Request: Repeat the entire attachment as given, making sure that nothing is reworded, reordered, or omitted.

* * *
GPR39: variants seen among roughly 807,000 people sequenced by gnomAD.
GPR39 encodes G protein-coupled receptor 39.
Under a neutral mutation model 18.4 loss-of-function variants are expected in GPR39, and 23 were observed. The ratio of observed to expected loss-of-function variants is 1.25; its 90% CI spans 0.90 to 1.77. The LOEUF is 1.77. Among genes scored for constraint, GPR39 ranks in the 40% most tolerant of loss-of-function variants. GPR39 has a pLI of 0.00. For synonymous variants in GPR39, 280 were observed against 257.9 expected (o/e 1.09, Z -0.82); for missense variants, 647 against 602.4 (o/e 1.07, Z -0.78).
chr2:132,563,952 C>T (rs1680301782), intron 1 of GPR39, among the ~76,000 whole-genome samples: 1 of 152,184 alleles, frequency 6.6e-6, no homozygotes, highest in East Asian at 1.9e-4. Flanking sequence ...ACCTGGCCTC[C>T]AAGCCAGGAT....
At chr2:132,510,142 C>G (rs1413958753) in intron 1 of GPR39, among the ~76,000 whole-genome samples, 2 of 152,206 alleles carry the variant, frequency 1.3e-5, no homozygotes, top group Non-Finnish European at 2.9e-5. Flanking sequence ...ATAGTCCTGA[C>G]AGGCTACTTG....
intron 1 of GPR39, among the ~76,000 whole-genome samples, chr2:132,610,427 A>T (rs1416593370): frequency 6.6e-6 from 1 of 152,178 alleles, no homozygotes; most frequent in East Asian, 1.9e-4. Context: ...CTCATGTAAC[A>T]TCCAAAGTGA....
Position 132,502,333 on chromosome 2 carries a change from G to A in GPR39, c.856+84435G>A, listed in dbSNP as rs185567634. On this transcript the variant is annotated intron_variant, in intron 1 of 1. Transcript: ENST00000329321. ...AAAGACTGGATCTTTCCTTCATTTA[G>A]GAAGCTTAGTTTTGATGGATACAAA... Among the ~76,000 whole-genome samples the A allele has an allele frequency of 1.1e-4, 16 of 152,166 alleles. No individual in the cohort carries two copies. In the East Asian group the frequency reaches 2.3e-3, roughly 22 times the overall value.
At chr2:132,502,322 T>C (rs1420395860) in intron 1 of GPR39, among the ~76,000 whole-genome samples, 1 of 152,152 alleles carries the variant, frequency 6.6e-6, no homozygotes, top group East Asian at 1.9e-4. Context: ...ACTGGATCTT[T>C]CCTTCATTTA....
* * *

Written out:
GPR39: variants seen among roughly 807,000 people sequenced by gnomAD.
GPR39 encodes G protein-coupled receptor 39.
Under a neutral mutation model 18.4 loss-of-function variants are expected in GPR39, and 23 were observed. The ratio of observed to expected loss-of-function variants is 1.25; its 90% CI spans 0.90 to 1.77. The LOEUF is 1.77. Among genes scored for constraint, GPR39 ranks in the 40% most tolerant of loss-of-function variants. GPR39 has a pLI of 0.00. For synonymous variants in GPR39, 280 were observed against 257.9 expected (o/e 1.09, Z -0.82); for missense variants, 647 against 602.4 (o/e 1.07, Z -0.78).
chr2:132,563,952 C>T (rs1680301782), intron 1 of GPR39, among the ~76,000 whole-genome samples: 1 of 152,184 alleles, frequency 6.6e-6, no homozygotes, highest in East Asian at 1.9e-4. Flanking sequence ...ACCTGGCCTC[C>T]AAGCCAGGAT....
At chr2:132,510,142 C>G (rs1413958753) in intron 1 of GPR39, among the ~76,000 whole-genome samples, 2 of 152,206 alleles carry the variant, frequency 1.3e-5, no homozygotes, top group Non-Finnish European at 2.9e-5. Flanking sequence ...ATAGTCCTGA[C>G]AGGCTACTTG....
intron 1 of GPR39, among the ~76,000 whole-genome samples, chr2:132,610,427 A>T (rs1416593370): frequency 6.6e-6 from 1 of 152,178 alleles, no homozygotes; most frequent in East Asian, 1.9e-4. Context: ...CTCATGTAAC[A>T]TCCAAAGTGA....
Position 132,502,333 on chromosome 2 carries a change from G to A in GPR39, c.856+84435G>A, listed in dbSNP as rs185567634. On this transcript the variant is annotated intron_variant, in intron 1 of 1. Transcript: ENST00000329321. ...AAAGACTGGATCTTTCCTTCATTTA[G>A]GAAGCTTAGTTTTGATGGATACAAA... Among the ~76,000 whole-genome samples the A allele has an allele frequency of 1.1e-4, 16 of 152,166 alleles. No individual in the cohort carries two copies. In the East Asian group the frequency reaches 2.3e-3, roughly 22 times the overall value.
At chr2:132,502,322 T>C (rs1420395860) in intron 1 of GPR39, among the ~76,000 whole-genome samples, 1 of 152,152 alleles carries the variant, frequency 6.6e-6, no homozygotes, top group East Asian at 1.9e-4. Context: ...ACTGGATCTT[T>C]CCTTCATTTA....